The 1911 is arguably one of the most iconic pistols ever created. It’s certainly one of the longest lasting designs that gave rise to most of the semi-auto pistols used today. Many consider the 1911 to be a superior shooting platform and, still to this day, prefer it to the most modern pistols offered. It’s hard to argue with 100 years of proven reliability.
The M1911 was created by John Browning in 1911 for the military to replace revolvers. It is a single-action, recoil-operated, semi-automatic pistol using the .45 ACP cartridge that had significantly more stopping power than many of the revolvers used at the time. Along with its increased firepower, this pistol was a gamechanger on the battlefield at the turn of the 20th century.
In fact, it was such an effective design that around 2.7 million were produced while it was in service with the U.S. military. This was through four wars/conflicts, from 1911 to 1985. It was finally replaced in 1985 with the M9 9mm.
Many considered the 9mm to be completely inferior to the .45 ACP for combat and that it had no “stopping power”. The FBI began looking into the issues with the 9mm in 1986 after a fatal shooting involving the death of two agents. The agency began looking into the then new .40.
Many followed this change and considered the 9mm to be ineffective and not the best choice for law enforcement, military or self-defense. Much, if not all of this data was based on the full metal jacket (FMJ) 115-gr. 9mm round, which does not have good “stopping power” and can over-penetrate.
A New Era
With the development of hollow points and newer technology such as bonded hollow points where the lead is literally bonded to the copper jacket — keeping the weight of the bullet after mushrooming and preventing jacket separation — the 9mm is actually very effective.
In fact, the FBI began considering a return to the 9mm in 2007 due to the advances in ballistic technology. In 2014, the FBI returned to the 9mm based on the new technology in ballistics and also its reduced recoil, increased capacity, and more rounds on target than the larger .40 and .45 ACP. This is an endless debate with both sides dug in citing research, data, history, and no end or victory in sight. That is NOT the purpose of this article.
Eventually, the beloved 1911 design was adapted to the 9mm and many other calibers. Regardless of caliber, the 1911 design is a proven and time-tested design and one that many are willing to stake their life on. The 9mm in the 1911 platform has become a huge success — as much or possibly even more than the original .45. It is many folks’ preferred gun for self-defense due to its ergonomics, proven history, reliability, low-recoil, and accuracy.
Today, “conceal carry” (CC) is big business in the pistol arena, driven by the desire to get as small a gun as possible. Many would consider their CC gun to be the most important gun they own, and its reliability to be of the utmost importance. The full-size 1911 is not exactly a small or lightweight gun by any stretch of the imagination.
Springfield created their Ronin series of 1911-based pistols, and they were a huge success. With the pressure to get smaller and smaller for the CC community, the Ronin EMP was born. It combines all the most popular features of the Ronin series with the patented CCW modifications to create the smallest 1911 in the world. “EMP” stands for Enhanced Micro Pistol, and this patented design is built around the 9mm and stands apart from other CC pistols. You have a 1911 pistol in a size and weight that makes it possible for CC.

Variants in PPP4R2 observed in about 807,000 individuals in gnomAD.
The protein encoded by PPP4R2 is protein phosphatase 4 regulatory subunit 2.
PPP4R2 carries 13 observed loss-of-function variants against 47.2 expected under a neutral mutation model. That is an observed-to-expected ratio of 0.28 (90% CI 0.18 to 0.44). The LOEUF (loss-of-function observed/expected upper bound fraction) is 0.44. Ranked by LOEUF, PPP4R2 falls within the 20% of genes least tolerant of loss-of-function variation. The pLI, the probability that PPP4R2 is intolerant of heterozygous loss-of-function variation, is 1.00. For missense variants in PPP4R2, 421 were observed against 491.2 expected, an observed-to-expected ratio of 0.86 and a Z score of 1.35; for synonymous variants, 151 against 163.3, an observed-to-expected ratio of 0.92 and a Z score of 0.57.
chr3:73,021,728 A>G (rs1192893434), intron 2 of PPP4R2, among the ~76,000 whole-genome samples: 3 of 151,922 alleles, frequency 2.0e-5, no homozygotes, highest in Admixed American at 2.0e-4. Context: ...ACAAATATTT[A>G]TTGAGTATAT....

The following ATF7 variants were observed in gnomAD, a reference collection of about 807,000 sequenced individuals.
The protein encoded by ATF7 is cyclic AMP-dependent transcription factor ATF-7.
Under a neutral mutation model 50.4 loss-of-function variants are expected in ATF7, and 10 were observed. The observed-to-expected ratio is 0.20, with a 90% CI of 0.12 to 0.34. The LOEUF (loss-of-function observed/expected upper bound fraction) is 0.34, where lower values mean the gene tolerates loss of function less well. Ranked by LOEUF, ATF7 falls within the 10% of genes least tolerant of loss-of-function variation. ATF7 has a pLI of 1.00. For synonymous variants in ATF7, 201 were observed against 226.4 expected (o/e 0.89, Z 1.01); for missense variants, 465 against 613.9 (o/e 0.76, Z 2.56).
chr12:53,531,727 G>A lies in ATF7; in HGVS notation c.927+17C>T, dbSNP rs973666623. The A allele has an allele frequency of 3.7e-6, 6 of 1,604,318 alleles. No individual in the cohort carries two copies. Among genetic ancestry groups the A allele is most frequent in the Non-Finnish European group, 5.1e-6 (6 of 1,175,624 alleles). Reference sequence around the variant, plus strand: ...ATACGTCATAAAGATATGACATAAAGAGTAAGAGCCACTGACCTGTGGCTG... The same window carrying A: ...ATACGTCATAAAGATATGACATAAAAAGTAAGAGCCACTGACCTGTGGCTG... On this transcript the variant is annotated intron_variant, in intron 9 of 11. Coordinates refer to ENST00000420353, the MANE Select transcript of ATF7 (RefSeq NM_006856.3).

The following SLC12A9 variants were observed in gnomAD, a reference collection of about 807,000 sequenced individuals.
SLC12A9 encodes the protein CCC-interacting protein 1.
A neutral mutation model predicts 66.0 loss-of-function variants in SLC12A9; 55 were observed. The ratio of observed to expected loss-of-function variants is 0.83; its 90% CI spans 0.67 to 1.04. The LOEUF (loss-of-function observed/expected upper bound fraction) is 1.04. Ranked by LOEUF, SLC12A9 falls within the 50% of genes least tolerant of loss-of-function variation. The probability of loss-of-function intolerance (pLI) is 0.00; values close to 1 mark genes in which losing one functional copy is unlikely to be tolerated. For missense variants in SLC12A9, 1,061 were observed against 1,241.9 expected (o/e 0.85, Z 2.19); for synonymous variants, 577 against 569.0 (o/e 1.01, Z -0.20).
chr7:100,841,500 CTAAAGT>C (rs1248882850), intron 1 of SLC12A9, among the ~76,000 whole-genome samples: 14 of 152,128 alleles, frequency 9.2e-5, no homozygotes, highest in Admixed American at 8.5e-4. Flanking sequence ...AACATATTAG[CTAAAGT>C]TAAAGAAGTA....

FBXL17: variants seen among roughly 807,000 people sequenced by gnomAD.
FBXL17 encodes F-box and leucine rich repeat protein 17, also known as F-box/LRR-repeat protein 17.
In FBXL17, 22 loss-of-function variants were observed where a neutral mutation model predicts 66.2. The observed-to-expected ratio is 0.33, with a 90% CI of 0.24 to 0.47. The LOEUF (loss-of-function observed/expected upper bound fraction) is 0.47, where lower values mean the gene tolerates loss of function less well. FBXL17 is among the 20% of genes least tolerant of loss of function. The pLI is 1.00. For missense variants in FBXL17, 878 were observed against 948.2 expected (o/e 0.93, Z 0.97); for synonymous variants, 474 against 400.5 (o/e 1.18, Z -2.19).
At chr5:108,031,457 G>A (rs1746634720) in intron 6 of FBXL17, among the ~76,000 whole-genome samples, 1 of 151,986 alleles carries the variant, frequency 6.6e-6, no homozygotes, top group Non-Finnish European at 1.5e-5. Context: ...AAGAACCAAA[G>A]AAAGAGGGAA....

Going the Distance
If you do some research, it would appear that the vast majority and most widely accepted distances for threat-based shootings — both law enforcement and self-defense — occur at three yards and under. That’s correct, less than 10 feet, folks. The even more mind-blowing piece of data is how many shots fired miss the target at this distance.
Much of this is due to lack of practice as well as the effects of stress and adrenaline on the shooter. With that said, shooting a pistol with a 3” barrel dramatically decreases one’s accuracy the farther you get from the target. The smaller the pistol, the more difficult it is to control due to increased recoil, and the distance between sights can have a dramatic negative impact on accuracy.
Those familiar with the 1911 know it for its low recoil and superior accuracy. This leads us to the purpose of this review/article. Springfield was able to “shrink” the 1911 into the EMP, the world’s smallest 1911. The real question then comes to mind, how does that affect the performance? Will the EMP be an effective pistol for CC shooting distances? Assuming it will be, what distances could it be pushed to?
If you are familiar with me or my YouTube Channel, my personal philosophy is that when considering a pistol and what it’s capable of for accuracy, I question what can I do with it at distance. If I can achieve good groups at 25 or 50 yards, I should be able to hit where I need to at three, right? Let’s just see how far we can take Springfield’s Ronin EMP.
I am going to start by zeroing it at 50 yards using AAC ammo. I am going to test three different bullet weights to find out what it likes best and gives us the best accuracy. I will test 115-, 124-, and 147-gr. FMJ and make necessary adjustments to the sights before going to the CQB range to make sure it does what it is intended for — CC shooting distances and then start moving out to see just how far we can go.
Let’s find out just how far we can take the EMP. Watch the video at the top and see for yourself, and then you decide if the EMP can go the distance.
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